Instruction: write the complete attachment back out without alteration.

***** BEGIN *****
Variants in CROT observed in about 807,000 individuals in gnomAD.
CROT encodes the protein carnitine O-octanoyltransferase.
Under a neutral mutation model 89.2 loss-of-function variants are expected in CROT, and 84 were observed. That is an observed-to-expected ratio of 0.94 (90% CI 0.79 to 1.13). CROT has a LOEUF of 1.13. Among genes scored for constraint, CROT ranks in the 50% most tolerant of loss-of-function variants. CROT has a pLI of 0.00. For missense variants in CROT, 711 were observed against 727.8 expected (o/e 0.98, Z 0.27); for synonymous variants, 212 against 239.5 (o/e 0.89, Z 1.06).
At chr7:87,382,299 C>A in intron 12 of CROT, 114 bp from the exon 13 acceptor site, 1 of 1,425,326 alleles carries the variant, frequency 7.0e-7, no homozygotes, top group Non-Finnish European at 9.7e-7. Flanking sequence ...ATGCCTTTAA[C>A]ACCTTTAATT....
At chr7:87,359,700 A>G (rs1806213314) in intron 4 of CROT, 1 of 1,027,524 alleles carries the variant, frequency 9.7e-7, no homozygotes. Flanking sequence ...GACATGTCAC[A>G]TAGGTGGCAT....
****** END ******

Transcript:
Variants in CROT observed in about 807,000 individuals in gnomAD.
CROT encodes the protein carnitine O-octanoyltransferase.
Under a neutral mutation model 89.2 loss-of-function variants are expected in CROT, and 84 were observed. That is an observed-to-expected ratio of 0.94 (90% CI 0.79 to 1.13). CROT has a LOEUF of 1.13. Among genes scored for constraint, CROT ranks in the 50% most tolerant of loss-of-function variants. CROT has a pLI of 0.00. For missense variants in CROT, 711 were observed against 727.8 expected (o/e 0.98, Z 0.27); for synonymous variants, 212 against 239.5 (o/e 0.89, Z 1.06).
At chr7:87,382,299 C>A in intron 12 of CROT, 114 bp from the exon 13 acceptor site, 1 of 1,425,326 alleles carries the variant, frequency 7.0e-7, no homozygotes, top group Non-Finnish European at 9.7e-7. Flanking sequence ...ATGCCTTTAA[C>A]ACCTTTAATT....
At chr7:87,359,700 A>G (rs1806213314) in intron 4 of CROT, 1 of 1,027,524 alleles carries the variant, frequency 9.7e-7, no homozygotes. Flanking sequence ...GACATGTCAC[A>G]TAGGTGGCAT....